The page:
More than a century later, local history buffs have not been the only ones to be curious about the cemetery monuments. “Every once in a while we get calls on the Hilligoss children,” says Phyllis Leedon, a librarian at the public library in Anderson. “As far as I know, there’s no family.”
Nicely says the cemetery office also receives calls periodically from people curious about the identities of the two children. She has felt a twinge of it herself, driving by them everyday on her way to work.
“Oh, I think they’re beautiful,” she says. “For many years, they’ve had some kind of significance.”
Especially to children, it seems. Nicely has heard the spook stories some tell about the two statues changing positions. Sometimes, it is said, Charlie’s hand rests on Gertrude’s shoulder, sometimes at his side.
There is something strange about their ghostly forms, luminous in the long shadows of ware winter trees, and something sad about the melting snow lying on Gertrude’s lap, on Charlie’s shoulders. Only the latest in a century of snows.
“But fate had ordained that they should live only in memory,” the newspaper article says. The statues demand at least that much, causing strangers to pause and pity, to wonder about the two lost children just as their father must have after they were gone.
Perhaps it would please him, even though, he is gone now too, buried next to them.
–Steffen, Colleen. “The Statues — Their Story.” Anderson Herald Bulletin 31 Dec. 1996: A1+. Print.
The Indiana Memory Collection website states, “An iron fence once surrounded them, but it was taken during WWII for scrap metal.”
Don’t we all hope to be loved so much? And if we do love someone else so much, shouldn’t we tell them?
Now, back to my regularly scheduled research.
February 18th, 2010 Posted 10:40 am
Purplume, one of our regular commenters, has nominated us for the Happy 101 Blog Award 😉 I encourage you to go and check out her blog – I love reading it and would have nominated her, but… it can’t work that way.
Cool, no? Good friends give on to others. They share the love and wealth and cupcakes. And so, the rules for this privilege are to:
- Copy and display the award on one’s blog.
- List who gave me the award and link to their blog.
- List 10 things that make me happy.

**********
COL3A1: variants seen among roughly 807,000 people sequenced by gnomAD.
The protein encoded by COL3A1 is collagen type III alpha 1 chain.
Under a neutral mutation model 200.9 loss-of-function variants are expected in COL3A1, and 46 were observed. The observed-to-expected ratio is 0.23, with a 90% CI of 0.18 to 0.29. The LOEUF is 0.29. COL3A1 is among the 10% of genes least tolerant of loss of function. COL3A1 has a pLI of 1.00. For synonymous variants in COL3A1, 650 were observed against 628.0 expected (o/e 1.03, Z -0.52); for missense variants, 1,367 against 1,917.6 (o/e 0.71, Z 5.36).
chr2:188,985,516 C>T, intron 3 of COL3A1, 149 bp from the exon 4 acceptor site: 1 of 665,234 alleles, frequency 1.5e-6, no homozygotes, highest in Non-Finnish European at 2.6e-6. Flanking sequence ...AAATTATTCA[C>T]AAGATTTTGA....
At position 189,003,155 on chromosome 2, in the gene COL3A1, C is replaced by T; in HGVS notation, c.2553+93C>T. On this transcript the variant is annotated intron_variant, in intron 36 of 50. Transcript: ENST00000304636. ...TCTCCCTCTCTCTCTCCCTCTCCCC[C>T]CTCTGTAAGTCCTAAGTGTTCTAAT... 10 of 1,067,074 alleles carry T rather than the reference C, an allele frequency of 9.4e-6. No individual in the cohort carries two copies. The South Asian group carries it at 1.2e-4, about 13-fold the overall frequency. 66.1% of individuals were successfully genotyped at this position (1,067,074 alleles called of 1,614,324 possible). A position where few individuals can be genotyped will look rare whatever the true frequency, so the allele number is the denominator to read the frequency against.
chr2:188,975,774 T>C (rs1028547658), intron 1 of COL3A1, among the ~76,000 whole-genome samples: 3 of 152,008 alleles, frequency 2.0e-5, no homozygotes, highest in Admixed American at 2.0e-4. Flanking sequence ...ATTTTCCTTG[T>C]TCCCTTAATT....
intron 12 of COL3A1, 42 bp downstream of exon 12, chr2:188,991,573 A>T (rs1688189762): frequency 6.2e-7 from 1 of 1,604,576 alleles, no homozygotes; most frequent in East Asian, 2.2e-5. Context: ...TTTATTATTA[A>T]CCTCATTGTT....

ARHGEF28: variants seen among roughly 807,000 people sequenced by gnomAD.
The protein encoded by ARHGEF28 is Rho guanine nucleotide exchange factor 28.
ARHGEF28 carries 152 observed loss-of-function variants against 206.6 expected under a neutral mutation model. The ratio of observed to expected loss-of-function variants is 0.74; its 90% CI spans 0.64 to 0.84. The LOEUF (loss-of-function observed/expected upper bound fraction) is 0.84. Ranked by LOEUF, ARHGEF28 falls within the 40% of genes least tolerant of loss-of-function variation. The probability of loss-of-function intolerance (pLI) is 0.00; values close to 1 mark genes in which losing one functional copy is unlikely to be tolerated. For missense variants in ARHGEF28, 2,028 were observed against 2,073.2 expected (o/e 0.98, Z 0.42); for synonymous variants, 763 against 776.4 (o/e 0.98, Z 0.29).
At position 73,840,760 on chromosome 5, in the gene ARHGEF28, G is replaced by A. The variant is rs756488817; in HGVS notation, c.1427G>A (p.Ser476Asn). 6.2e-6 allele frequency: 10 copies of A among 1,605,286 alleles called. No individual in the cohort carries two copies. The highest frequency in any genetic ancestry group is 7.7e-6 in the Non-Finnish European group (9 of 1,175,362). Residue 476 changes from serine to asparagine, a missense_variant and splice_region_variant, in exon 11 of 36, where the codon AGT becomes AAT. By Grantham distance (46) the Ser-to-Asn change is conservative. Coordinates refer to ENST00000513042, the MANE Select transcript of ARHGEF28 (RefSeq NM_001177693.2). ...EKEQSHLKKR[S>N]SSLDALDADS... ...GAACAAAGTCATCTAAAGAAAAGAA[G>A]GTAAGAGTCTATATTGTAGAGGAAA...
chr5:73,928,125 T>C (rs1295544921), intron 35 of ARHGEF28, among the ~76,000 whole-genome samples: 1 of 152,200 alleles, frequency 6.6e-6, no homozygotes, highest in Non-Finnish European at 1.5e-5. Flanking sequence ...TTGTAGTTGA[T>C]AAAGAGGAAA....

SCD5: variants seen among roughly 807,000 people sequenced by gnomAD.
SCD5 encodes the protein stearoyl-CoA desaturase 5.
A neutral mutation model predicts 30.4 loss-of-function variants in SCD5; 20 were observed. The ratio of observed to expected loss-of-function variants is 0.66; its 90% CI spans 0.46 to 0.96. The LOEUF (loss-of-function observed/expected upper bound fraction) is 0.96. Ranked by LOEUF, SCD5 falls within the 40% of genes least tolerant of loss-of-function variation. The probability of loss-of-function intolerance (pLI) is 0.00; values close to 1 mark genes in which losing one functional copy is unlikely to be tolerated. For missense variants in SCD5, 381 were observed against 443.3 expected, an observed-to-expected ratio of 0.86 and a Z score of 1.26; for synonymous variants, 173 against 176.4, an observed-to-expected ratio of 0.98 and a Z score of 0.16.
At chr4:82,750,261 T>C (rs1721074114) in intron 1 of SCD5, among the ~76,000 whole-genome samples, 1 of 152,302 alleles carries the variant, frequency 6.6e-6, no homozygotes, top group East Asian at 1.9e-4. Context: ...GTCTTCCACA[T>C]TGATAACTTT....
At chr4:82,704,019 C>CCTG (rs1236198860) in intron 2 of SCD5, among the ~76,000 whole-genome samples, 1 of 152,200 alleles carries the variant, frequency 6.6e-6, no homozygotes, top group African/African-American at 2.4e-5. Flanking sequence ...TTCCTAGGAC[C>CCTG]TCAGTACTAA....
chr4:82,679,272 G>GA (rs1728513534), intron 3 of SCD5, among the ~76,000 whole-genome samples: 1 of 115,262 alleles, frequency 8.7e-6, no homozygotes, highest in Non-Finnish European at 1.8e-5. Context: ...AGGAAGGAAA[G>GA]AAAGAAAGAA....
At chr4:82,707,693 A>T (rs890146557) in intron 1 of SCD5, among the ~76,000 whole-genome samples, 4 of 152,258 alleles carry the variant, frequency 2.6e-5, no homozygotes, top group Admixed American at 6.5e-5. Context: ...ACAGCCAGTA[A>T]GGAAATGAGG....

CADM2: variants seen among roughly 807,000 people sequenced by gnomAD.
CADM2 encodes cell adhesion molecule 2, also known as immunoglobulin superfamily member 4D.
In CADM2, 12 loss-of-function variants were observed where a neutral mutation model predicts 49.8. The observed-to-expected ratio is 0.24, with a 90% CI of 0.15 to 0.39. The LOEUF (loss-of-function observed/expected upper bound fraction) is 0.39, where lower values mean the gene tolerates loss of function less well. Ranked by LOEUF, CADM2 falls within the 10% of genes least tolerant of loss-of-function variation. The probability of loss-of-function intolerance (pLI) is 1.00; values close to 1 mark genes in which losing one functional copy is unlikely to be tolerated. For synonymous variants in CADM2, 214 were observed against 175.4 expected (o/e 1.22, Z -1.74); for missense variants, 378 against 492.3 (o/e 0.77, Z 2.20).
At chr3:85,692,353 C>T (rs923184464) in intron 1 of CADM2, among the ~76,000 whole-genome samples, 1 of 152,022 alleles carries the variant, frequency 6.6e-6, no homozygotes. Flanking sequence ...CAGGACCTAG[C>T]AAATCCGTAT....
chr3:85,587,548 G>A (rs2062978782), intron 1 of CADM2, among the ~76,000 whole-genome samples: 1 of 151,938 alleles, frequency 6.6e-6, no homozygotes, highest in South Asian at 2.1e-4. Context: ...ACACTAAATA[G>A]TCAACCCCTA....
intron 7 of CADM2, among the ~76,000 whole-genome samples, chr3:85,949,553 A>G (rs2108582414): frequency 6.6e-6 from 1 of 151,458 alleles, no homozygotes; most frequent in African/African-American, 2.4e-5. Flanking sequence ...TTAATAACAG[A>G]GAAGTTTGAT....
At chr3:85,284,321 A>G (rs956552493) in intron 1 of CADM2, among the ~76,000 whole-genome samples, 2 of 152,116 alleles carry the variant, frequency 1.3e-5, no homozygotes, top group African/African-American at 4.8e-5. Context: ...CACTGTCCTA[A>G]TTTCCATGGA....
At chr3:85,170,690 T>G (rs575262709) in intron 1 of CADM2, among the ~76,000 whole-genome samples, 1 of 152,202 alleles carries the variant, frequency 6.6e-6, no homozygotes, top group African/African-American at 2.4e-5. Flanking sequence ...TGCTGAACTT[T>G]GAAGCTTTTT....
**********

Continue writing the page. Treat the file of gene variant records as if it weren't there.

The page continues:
- Pass the award on to other bloggers and visit their blog to let them know.
Let’s see, things that make me happy:
- Eric, my love and partner in crime. We’ve been together forever, but those hugs still fix what ails me.
- The monsters [Jordan, Alek, Ravynn, & Whisper] and the music of their laughter.
- Mail with stamps – cards, letters, invitations, postcards.
- Crashing through a roadblock in my genealogy research or finding new-to-me old family photos.
- Finishing a new product design and pattern and showing it off 🙂
- Moose tracks ice cream on an almost hot summer day.
- Exploring old cemeteries.
- Snuggling under the blankets ALL DAY on a Saturday and watching movies I’ve already seen 100 times.
- Knowing that, if only for a few minutes, all of the laundry in the house is clean, folded and put away.
- Being able to drive with the windows open for the first time each spring.
And for the blogs, I nominate and recommend:
February 1st, 2010 Posted 11:07 am
Yesterday was a day of remembering. And the thing is, I didn’t realize until I was outside with Ravynn and Whisper this morning while they waited for the bus.
The day started with a drive out to Camp Chesterfield for the tea reading seminar. I’ve never read tea leaves, but I really want to! So, I’m hunting for loose tea through a couple of websites that were suggested by friends. I’ve spent some time looking at Stash Tea and Special Teas is next! I’m also hunting down tea cups with plain white interiors on Ebay. I’ve found I set that I like and I’m waiting for an answer from the seller about the inside.
There wasn’t a great depth of information provided at the seminar, but there was enough that I’ll feel comfortable giving it a go once I have everything I need. The process for the readings is fairly simple:
- Brew a HOT pot of tea with loose tea
- Pour a cup
- Drink most of it. Sipping the tea will allow your aura to infuse with the tea and will give a proper reading.
- When the tea is mostly gone and there are dregs showing in the bottom, hold the cup in your left hand and swirl it three times.
- Place the saucer upside down over the cup and flip it all together and all at once, so the cup is sitting upside down on the saucer [which is right-side up].
- Turn the cup three times and end it with the handle facing you/the reader.
- Lift the cup and explore the patterns left by the leaves.
The suggestion was to use a cup with a white interior so the leaves are easier to see. Patterns on the left of the cup indicate the past; patterns near the rim indicate the present/near future. Dark leaves indicate a man; light leaves indicate a woman.